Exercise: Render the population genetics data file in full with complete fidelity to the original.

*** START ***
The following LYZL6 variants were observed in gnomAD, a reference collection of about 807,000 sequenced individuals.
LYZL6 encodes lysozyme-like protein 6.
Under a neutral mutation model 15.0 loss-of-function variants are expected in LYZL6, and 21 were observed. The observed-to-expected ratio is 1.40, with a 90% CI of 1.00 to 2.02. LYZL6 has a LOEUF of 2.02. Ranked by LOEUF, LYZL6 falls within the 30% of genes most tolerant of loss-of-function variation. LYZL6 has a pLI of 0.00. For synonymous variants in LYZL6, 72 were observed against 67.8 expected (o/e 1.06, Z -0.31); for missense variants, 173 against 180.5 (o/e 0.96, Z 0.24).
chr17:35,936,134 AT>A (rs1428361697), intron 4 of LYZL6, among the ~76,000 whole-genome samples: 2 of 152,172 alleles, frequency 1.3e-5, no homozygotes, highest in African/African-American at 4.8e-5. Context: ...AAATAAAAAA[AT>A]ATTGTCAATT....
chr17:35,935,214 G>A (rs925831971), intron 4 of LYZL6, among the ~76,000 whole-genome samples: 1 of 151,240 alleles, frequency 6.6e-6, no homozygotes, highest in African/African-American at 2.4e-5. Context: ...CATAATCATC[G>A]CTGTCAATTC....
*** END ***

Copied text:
The following LYZL6 variants were observed in gnomAD, a reference collection of about 807,000 sequenced individuals.
LYZL6 encodes lysozyme-like protein 6.
Under a neutral mutation model 15.0 loss-of-function variants are expected in LYZL6, and 21 were observed. The observed-to-expected ratio is 1.40, with a 90% CI of 1.00 to 2.02. LYZL6 has a LOEUF of 2.02. Ranked by LOEUF, LYZL6 falls within the 30% of genes most tolerant of loss-of-function variation. LYZL6 has a pLI of 0.00. For synonymous variants in LYZL6, 72 were observed against 67.8 expected (o/e 1.06, Z -0.31); for missense variants, 173 against 180.5 (o/e 0.96, Z 0.24).
chr17:35,936,134 AT>A (rs1428361697), intron 4 of LYZL6, among the ~76,000 whole-genome samples: 2 of 152,172 alleles, frequency 1.3e-5, no homozygotes, highest in African/African-American at 4.8e-5. Context: ...AAATAAAAAA[AT>A]ATTGTCAATT....
chr17:35,935,214 G>A (rs925831971), intron 4 of LYZL6, among the ~76,000 whole-genome samples: 1 of 151,240 alleles, frequency 6.6e-6, no homozygotes, highest in African/African-American at 2.4e-5. Context: ...CATAATCATC[G>A]CTGTCAATTC....